I know … I know, ‘we have to move with the times.’ This dinosaur has moved with lots of times in my time, but some of this movement I just don’t see the sense of. What do you think of coloured weather warnings in this country? Was it not better to just give us the weather forecast as best you could and move on to Des Cahill or something like that? Personally speaking,
I feel that trooping the weather colours is all a load of bullocks … or something like that. When they first came out, the coloured warnings put the fear of God into God-fearing people, but over a short time that fear has turned into an ambiguous approach of indifference – like the little boy who cried wolf. Listen … the facts are that we don’t have hurricanes, tornedos or typhoons in Ireland!
As I write this, last Saturday, 10th September was one heck of a beautiful day with temperatures reaching an unseasonal 22 degrees in a clear blue sky. At lunchtime, the weather forecaster I listened to, gave a yellow rain warning for the next day where I live. I’ll come back to the Sunday in a moment – if that’s OK with the rest of you.
Let us first rewind a month or so to the middle of a drought. Then, lo and behold, we received yellow, amber and even red warnings of torrential rain that was coming. Dire warnings against driving into floods on roads – same as you would warn a child not to be ‘splashing around in that puddle.’ If the road was flooded, I – along with everybody I know, would have been able to figure out that one for ourselves.
To be fair to the metrological people, this is a hard country to predict the weather and some parts of the country did get deluged; but the result of my yellow warning was a bit of a ‘squib’ in the middle of one of the three targeted nights.
But back to last Sunday, 11th September. We did get a wet day, for most of the day – but it was soft rain and without a trace of wind. Now I ask you, how in the name of all things holy or otherwise, does a wet day in Ireland become a case for a yellow alert warning?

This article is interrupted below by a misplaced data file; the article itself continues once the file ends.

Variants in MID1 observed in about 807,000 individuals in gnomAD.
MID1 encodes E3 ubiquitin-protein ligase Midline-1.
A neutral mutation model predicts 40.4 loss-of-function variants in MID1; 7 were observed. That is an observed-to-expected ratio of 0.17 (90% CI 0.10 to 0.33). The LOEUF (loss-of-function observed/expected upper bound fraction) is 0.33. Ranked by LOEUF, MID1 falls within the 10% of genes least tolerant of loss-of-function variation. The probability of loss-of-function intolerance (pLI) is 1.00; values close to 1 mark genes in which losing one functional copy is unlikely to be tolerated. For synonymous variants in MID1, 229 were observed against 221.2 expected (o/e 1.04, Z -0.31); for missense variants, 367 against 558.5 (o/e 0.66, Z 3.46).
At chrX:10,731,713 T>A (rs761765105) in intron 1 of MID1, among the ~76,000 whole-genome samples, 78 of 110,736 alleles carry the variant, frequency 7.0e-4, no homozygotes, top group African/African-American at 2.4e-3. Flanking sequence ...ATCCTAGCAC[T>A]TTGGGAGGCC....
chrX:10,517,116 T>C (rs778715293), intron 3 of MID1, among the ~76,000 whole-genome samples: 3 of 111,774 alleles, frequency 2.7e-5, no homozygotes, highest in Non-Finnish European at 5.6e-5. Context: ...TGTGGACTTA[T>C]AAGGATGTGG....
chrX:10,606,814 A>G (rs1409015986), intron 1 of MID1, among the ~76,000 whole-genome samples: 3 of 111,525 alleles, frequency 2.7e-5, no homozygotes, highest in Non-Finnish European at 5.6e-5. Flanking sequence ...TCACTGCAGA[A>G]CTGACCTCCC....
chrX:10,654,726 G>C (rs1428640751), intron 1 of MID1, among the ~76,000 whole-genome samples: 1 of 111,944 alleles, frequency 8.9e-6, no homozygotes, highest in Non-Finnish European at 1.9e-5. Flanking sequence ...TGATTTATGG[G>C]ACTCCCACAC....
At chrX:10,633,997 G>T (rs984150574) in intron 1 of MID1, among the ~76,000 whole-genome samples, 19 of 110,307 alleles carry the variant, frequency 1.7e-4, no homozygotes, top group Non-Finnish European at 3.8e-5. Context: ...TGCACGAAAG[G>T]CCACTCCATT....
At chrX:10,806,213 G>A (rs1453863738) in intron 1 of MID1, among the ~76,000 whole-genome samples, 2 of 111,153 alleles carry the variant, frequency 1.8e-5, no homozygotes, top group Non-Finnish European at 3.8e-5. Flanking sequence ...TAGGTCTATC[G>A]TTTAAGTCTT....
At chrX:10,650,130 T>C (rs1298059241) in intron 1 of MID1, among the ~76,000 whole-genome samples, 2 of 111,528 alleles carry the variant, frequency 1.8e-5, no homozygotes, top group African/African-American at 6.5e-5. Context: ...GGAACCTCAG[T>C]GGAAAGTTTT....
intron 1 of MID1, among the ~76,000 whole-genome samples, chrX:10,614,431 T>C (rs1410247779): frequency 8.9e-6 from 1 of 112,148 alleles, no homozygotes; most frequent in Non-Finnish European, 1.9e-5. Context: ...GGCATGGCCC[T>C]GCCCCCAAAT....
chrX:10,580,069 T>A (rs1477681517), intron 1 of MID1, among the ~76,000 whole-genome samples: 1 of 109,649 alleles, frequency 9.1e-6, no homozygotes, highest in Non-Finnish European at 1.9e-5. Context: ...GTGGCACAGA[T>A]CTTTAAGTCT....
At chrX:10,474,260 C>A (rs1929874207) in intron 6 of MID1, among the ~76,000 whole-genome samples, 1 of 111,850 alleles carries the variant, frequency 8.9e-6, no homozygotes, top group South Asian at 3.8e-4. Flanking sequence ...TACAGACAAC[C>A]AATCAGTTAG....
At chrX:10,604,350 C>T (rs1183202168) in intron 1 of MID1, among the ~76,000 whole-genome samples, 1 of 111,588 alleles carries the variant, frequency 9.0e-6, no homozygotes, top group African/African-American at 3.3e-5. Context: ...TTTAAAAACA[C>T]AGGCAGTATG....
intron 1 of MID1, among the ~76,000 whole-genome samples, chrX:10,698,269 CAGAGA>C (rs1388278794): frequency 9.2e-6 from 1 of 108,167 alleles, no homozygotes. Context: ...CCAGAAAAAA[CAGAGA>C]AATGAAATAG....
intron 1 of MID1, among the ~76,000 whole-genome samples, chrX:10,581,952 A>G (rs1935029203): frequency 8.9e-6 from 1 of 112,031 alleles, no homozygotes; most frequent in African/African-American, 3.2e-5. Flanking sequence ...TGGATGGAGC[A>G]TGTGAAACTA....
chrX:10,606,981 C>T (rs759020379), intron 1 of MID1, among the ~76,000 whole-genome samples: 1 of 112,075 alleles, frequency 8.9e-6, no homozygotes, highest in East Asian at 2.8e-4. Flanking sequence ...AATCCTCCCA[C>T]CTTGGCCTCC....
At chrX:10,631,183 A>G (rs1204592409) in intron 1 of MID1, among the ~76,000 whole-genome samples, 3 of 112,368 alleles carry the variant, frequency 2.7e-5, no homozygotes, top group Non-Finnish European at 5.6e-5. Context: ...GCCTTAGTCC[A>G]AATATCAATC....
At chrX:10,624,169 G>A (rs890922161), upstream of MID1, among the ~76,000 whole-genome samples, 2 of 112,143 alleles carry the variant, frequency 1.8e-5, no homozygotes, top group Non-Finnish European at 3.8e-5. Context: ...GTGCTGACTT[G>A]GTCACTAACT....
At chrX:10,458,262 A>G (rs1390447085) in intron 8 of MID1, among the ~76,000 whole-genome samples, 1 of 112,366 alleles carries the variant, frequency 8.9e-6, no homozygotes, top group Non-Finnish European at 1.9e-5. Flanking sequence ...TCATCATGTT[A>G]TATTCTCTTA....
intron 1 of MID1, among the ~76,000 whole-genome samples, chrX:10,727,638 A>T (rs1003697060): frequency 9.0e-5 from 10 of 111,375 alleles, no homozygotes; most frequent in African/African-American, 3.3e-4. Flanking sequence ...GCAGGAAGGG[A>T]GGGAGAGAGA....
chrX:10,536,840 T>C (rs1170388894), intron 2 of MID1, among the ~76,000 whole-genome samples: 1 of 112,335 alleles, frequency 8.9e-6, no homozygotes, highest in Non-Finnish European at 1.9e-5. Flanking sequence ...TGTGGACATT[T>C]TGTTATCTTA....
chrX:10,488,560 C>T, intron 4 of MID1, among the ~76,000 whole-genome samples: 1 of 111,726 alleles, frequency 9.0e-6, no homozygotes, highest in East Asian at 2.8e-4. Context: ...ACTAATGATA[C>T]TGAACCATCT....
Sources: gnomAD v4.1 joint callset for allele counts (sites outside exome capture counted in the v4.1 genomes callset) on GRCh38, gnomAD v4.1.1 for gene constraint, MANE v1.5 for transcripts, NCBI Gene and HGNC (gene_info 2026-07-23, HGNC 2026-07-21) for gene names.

The Meteorological Service will contend that the new coloured weather warnings are there for all our good; to alert us to take safety precautions and to take care of ourselves. But has the system not lost credibility by teetering over the top? When it was first launched the ‘colours’ galvanised ordinary folk into extraordinary action.
Then we all woke up the next morning to find that the world as we knew it was still there – and still the ‘same old.’ Now, those same people, whilst not ignoring the weather advice, will just go on and assess the situation as man has done since the beginning of time.
The Met Office will tell us about significant new developments in weather forecasting. I don’t see it. I remember back when Radio Eireann broadcast a late night forecast ‘for farmers and fishermen’, that covered the following 24 hours with regional detail. I guarantee you that information was no less accurate than your present day yellow, orange and red warnings.
The people listened and understood the simple language of what they needed to know. Those same people kept an eye on nature as well. The fisherman watched the sky and the farmer could tell by how avariciously his cattle grazed in the morning as to how the evening would turn out.
Don’t get me wrong: Of course there is a need for flood and storm warnings in coastal areas and areas prone to flooding, but many believe that the ‘over-egging’ of weather presentation has devalued the service.
A Status Yellow weather alert is meant to notify those who are at risk because of their location or activity – but ‘does not pose a threat to the general population.’
For Status Orange, you are to ‘Be Prepared’. ‘The issue of an Orange level weather warning implies that all recipients in the affected areas should prepare themselves in an appropriate way for the anticipated conditions.
Status Red means take action – as any of you might have guessed. You don’t go sightseeing from a cliff-edge, or shelter under a tree that is about to be blown down – and don’t spread yourself for a picnic in a snow drift.
I still think it would be better if everybody could listen to a simple weather forecast and just be told in everyday language what the weather is going to be like tomorrow …!
This is Ireland – for God’s sake!!
The weather forecast is a programme in which it takes ten minutes to say something that should be covered in forty words.